After the proximal coil is removed, the space between coils #3 and #4 is widened with the shaft of a surgical pick. The spread coil configuration is used to "paper clip" the coils to the malleus handle. Optimal placement of the coils is as close to the umbo (distal handle of the malleus) as possible. It is not necessary to dissect the tympanic membrane off the malleus handle. The coils should be engaged with the malleus handle. Then, the crown should be "landed" onto the stapes capitulum. If it is necessary to removed the prosthesis, the crown should be lifted off the stapes capitulum prior to disengaging the coils from the malleus handle.
Incus-to-Footplate (K-Helix Piston)
Mobile Footplate: The proximal coils are positioned on the incus as described above for the K-Helix Crown incus-to-stapes implantation. The distal piston tip (0.6 mm diameter) is positioned in the center of the footplate, without tension. The 0.6mm Dornhoffer footplate shoe may be used to help maintain footplate centering.* Great care should be exercised to avoid applying any excess tension to the footplate. The tip should rest gently on the footplate without tension. The footplate should not be depressed to any degree.
*Inventor's Note: During revision stapedectomy, there may be a very thin neomembrane present. If the surgeon decides to augment the existing neomembrane with a tissue graft (such as vein, pressed fascia or perichondrium, etc.), a small graft just covering the oval window is recommended when using the K-Helix Piston. A large graft may inadvertently "fold-up" around the shaft of the piston causing delayed partial or complete fixation and a residual air-bone gap.
Fixed Footplate: If the footplate is fixed, a 0.6 mm stapedotomy may be performed. The distal piston tip is marked with a groove guide 1.0 mm from the tip. The tip is placed in the stapedotomy/vestibule to the 1.0 mm mark. When used in this fashion, it is mandatory that the proximal coils be cemented to the incus (or malleus handle if used malleus-to-footplate) in order to provide a fixation point for the prosthesis. A prosthesis that is not fixed proximally could inadvertently become displaced into the vestibule.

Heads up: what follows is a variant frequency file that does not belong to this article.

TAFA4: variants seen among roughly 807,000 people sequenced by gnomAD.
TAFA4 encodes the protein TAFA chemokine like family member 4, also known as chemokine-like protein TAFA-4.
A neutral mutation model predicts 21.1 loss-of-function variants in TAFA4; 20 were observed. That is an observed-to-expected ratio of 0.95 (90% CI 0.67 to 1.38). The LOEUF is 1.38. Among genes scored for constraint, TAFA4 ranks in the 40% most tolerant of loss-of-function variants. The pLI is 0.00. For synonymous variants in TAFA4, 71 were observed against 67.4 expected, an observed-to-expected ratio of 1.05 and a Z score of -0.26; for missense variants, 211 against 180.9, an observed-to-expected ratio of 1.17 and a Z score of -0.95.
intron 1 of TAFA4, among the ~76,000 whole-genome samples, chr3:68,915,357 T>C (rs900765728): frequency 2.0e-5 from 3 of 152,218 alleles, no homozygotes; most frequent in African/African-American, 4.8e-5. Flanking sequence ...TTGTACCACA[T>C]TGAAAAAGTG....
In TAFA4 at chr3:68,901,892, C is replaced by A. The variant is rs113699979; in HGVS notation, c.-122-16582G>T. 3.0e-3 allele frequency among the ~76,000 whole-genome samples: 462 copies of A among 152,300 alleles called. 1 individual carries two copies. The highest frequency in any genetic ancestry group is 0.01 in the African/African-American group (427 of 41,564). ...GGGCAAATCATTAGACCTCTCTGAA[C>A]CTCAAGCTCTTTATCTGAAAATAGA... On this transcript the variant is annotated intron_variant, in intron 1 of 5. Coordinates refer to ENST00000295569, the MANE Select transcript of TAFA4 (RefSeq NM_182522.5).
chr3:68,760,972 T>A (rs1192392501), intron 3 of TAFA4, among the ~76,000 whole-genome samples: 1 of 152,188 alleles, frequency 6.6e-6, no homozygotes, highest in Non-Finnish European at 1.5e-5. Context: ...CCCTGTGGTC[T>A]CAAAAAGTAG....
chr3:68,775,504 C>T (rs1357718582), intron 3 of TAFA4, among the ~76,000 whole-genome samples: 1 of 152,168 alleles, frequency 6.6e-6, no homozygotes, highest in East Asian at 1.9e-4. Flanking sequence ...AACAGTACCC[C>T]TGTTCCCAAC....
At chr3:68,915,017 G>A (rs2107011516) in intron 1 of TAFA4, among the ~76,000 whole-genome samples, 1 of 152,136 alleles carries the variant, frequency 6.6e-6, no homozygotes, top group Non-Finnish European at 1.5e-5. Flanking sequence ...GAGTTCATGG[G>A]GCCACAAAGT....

Malleus-to-Footplate (K-Helix Piston)
The Implantation sequence is the same as for the malleus-to-stapes above. First, remove coil #5. Open the space between coils #3 and #4 (spread the coils apart to make enough space to engage the malleus handle). Position the proximal coils medial to the malleus handle, with coil #4 anterior to the malleus handle and coil #3 posterior to the malleus handle. Gently life the coils from medial to lateral and engage the space between the coils with the malleus handle. Carefully, position the piston on the footplate (may use optional 0.6 mm Dornhoffer footplate shoe).
Using cement with the Kraus K-Helix Prostheses is optional and depends on how well the implanted prosthesis fits the incus, malleus, stapes, and footplate. If a snug fit is achieved WITHOUT TENSION, cement may not be necessary. In chronic ears, it is advisable to apply GIC to:
- the proximal coils and bone (incus or malleus handle - depending on how which K-Helix prosthesis is being used and in what configuration). The proximal coils will "grab" the cement and help to direct the cement around the circumference of the incus and malleus handle.
- stapes neck, using microdots (usually two) placed between the crown flanges
The cement used in the video (and in the OR) is glass ionomer cement. It is used for 2 minutes and hardens in 4 minutes, under normal OR conditions (humidity, etc). Glass ionomer cement (GIC) bonds well to titanium and to bare bone. GIC is hydroscopic and will not bond to mucosa. Excessive moisture in the operative field will weaken GIC polymerization and prevent proper curing and bonding. Both mucosa and excessive moisture should be removed prior to applying GIC.
- Do not apply glass ionomer cement to the footplate or use with an open vestibule. CSF aluminum toxicity is possible.
- Hydroxyapaptite cement (HA) is not recommended for use with the Kraus K-Helix Prostheses. HA is difficult to apply due to its watery consistency and tends to "migrate" during healing, especially in chronic ears.
Last revised November 28, 2011